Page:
16. Government Shutdown Activities: Colonial Williamsburg

We assisted tourists stranded in the DC area during the government shutdown by recommending interesting and informative historical sights they could visit that were privately owned and unaffected by the shutdown.  Colonial Williamsburg is a fantastic site, a restored and recreated town that was once colonial Virginia's capital where notables like George Washington, Thomas Jefferson, James Madison and Patrick Henry served. It is now operated with period actors, sponsored tours and historical talks, and special events. Williamsburg is a must see, shutdown or no shutdown.

17. My 2013 Predictions

Predicting is dangerous, writing down your predictions even more so and actually publishing them, well, that's positively insane. We are more willing to take the risk than most, if for no other reason, that our job with the Postal Service for many years carried an economic and business forecasting portfolio. We had more than a modicum of success. In this post, which should have been more properly titled "Predictions for Barack Obama Second Term Upon His Inauguration," we looked into the crystal ball on matters, political, economic and diplomatic. Look for a retrospective come January 2017.
18. Keystone XL Is Swell

Montana will have an on-ramp to the Keystone XL pipeline.  Build the damn thing and maybe there won't be so many of Warren Buffett's trains blowing up and threatening house, home, limb and life. Okay. End of rant -- at least this one.

19. Global Cooling?

Just about everything that currently is attributed to global warming was attributed to global cooling back in the 1970's when I was being educated by scientists who were much humbler and less doctrinaire than today's crowd. The Al Goreacle panic is somewhere between overblown and nonexistent.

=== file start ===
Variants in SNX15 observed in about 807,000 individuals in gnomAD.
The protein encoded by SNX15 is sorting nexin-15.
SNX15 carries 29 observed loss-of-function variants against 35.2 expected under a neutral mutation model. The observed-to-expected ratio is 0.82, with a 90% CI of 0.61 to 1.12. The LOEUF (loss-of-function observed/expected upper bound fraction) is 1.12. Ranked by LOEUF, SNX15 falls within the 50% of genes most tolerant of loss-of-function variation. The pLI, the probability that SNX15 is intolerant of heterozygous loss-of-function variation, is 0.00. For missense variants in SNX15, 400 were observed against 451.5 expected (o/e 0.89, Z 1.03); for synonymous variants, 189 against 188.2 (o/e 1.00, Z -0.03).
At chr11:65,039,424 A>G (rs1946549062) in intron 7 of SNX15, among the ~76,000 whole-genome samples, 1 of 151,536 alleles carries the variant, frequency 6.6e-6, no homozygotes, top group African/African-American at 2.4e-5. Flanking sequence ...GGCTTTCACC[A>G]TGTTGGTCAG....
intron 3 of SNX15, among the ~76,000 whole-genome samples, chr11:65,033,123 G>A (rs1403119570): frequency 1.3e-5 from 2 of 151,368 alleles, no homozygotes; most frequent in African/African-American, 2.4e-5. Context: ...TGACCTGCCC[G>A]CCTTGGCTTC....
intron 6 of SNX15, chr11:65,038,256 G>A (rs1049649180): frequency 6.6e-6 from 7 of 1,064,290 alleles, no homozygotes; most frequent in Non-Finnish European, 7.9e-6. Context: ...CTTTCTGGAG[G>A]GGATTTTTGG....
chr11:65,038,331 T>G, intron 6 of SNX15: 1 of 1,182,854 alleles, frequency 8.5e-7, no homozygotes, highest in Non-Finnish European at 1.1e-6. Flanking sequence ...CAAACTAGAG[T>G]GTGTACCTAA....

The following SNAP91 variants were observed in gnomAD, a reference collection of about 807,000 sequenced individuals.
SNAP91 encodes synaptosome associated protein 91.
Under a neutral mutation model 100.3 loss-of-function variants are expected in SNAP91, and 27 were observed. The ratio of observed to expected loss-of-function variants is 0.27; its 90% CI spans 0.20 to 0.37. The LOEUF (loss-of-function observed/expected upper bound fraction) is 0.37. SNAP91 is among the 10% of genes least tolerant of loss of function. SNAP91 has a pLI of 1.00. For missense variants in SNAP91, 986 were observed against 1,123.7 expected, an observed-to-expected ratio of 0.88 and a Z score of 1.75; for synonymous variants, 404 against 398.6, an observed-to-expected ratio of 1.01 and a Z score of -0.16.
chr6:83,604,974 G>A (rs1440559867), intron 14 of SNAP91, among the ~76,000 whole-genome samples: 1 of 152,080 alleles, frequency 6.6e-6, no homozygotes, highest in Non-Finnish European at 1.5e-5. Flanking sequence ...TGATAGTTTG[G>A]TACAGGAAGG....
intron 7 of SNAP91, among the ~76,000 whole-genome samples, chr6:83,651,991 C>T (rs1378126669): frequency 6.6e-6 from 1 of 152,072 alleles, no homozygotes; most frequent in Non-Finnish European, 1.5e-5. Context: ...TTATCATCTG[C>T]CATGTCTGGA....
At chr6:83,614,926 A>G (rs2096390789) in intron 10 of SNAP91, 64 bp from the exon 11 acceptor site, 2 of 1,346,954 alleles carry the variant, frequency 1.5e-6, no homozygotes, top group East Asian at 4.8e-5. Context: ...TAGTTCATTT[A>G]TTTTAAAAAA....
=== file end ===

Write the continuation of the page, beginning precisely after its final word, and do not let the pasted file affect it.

20. We the Feds Part II – Special Interest Rates for Federal Employees

Federal employees have access to an extremely attractive variable interest rate investment vehicle that Uncle Sam uniquely offers to Club Fed. This unfairness comes with a huge price tag on the order of $70 billion over the standard 10-year budget horizon, a burden that is being passed along to our children and grandchildren in this era of deficit spending.  Wake up, little sheeple, wake up.  

21. On the Road to Bathgate Act 6: Norval Baptie Champion Skater

There is a lot more to Bathgate than the Fosters. Norval Baptie hailed from and is buried in Bathgate, North Dakota.  He was world record speed skater, a world record barrel jumper, and a professional figure skater and promoter who founded the modern ice show. Besides that, he didn't accomplish much.  Read about it here.

22. The Washington Monument Game

In the year of the Sequester Barack Obama raised the Washington Monument Game to a high art. In this post we laid out the origin and strategy that Obama played out so vindictively all year long in an effort to secure unlimited budget and spending authority. 

23. Mildly Painful, Painful and Very Painful -- Texas Cactus

This is Teresa's second guest post.  In the Lone Star state, watch where you run, watch where you sit and watch where you hide because you never know where cactii may lurk.

24. Green Jobs?

One of our old friends back in Arlington, and a rare sane political and economic observer thereabouts, explains the Obama administration's phony accounting for green jobs.

25. During the Shutdown Go to Mount Vernon

George Washington's Mount Vernon is conveniently located down the Mount Vernon Parkway and the Potomac south of DC. It is owned and operated by the Mount Vernon Ladies Association which meant it was not affected by the government shutdown -- we thought. In a bizarre and lawless twist the National Park Police attempted to use easements that had been granted to the National Park Service as a basis for Barrycading Mount Vernon parking lots. The ladies told Obama's police to go stick it.